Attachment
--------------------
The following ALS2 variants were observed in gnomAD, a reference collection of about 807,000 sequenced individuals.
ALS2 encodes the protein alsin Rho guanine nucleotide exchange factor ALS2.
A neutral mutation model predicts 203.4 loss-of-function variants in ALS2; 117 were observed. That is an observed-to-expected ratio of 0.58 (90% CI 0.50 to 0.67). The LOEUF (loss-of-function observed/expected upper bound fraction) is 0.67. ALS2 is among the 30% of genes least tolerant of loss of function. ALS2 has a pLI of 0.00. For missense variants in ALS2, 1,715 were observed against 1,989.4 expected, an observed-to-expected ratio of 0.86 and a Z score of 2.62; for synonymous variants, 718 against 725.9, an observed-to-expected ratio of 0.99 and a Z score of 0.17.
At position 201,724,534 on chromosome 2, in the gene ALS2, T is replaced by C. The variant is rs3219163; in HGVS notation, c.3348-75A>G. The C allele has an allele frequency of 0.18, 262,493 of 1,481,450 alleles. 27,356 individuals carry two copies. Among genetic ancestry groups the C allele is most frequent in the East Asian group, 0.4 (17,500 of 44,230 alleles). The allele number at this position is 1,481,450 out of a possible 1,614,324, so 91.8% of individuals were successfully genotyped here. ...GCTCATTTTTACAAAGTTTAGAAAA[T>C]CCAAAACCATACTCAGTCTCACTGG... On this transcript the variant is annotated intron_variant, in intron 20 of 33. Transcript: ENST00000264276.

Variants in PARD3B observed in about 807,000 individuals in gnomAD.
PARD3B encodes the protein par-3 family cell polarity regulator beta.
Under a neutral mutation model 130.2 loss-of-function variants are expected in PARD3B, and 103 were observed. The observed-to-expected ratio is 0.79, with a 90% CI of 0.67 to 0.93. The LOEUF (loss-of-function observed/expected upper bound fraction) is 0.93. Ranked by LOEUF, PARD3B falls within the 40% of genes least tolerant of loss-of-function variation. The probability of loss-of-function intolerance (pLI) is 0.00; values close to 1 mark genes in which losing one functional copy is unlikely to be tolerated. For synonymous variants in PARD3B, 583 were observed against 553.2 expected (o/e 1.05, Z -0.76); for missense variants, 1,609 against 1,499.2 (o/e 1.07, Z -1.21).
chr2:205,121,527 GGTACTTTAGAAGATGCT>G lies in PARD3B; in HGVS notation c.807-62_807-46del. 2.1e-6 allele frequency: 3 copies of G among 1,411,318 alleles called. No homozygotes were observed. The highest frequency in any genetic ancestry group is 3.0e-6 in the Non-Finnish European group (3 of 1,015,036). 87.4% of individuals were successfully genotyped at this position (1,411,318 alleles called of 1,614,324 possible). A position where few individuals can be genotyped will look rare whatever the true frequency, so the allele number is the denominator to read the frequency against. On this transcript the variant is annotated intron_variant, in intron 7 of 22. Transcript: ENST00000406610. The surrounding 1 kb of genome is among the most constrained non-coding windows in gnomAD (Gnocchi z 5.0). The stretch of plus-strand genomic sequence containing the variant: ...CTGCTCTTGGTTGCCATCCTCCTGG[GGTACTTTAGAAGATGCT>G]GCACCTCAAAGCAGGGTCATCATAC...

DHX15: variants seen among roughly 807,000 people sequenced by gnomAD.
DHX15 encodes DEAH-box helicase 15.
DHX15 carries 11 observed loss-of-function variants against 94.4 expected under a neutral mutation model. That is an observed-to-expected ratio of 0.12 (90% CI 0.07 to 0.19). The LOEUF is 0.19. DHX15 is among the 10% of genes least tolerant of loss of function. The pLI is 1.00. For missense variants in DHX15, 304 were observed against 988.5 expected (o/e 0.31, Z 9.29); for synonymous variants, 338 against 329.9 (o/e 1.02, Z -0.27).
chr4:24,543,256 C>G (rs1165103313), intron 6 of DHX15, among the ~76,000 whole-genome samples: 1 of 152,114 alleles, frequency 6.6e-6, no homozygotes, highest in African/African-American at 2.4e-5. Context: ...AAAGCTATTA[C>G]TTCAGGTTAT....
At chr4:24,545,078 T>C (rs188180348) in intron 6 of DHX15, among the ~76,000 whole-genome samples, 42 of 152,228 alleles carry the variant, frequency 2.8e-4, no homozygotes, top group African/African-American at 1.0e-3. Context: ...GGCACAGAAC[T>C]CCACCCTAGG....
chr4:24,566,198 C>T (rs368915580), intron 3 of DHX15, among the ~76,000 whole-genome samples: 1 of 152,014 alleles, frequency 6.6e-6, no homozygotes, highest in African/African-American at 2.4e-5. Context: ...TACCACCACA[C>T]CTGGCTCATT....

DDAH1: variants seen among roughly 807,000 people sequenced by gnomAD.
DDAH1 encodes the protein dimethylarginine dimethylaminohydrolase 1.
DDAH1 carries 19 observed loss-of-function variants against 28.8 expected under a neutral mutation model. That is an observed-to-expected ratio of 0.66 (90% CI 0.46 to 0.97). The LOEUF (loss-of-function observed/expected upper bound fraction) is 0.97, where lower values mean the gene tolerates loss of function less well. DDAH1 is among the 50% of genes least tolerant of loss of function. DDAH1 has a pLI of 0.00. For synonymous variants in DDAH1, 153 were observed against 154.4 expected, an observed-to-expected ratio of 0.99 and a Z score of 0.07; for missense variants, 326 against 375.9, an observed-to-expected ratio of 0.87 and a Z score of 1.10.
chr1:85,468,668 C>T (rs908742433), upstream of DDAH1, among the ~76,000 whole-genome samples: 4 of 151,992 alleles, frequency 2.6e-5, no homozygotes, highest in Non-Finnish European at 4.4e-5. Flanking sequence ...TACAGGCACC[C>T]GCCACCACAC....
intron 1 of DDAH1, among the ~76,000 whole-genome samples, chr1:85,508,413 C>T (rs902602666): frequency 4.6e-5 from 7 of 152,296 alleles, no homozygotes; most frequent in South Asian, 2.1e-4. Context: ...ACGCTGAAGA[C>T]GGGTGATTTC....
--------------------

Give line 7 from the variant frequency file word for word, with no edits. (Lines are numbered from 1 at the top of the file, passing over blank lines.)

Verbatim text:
Under a neutral mutation model 130.2 loss-of-function variants are expected in PARD3B, and 103 were observed. The observed-to-expected ratio is 0.79, with a 90% CI of 0.67 to 0.93. The LOEUF (loss-of-function observed/expected upper bound fraction) is 0.93. Ranked by LOEUF, PARD3B falls within the 40% of genes least tolerant of loss-of-function variation. The probability of loss-of-function intolerance (pLI) is 0.00; values close to 1 mark genes in which losing one functional copy is unlikely to be tolerated. For synonymous variants in PARD3B, 583 were observed against 553.2 expected (o/e 1.05, Z -0.76); for missense variants, 1,609 against 1,499.2 (o/e 1.07, Z -1.21).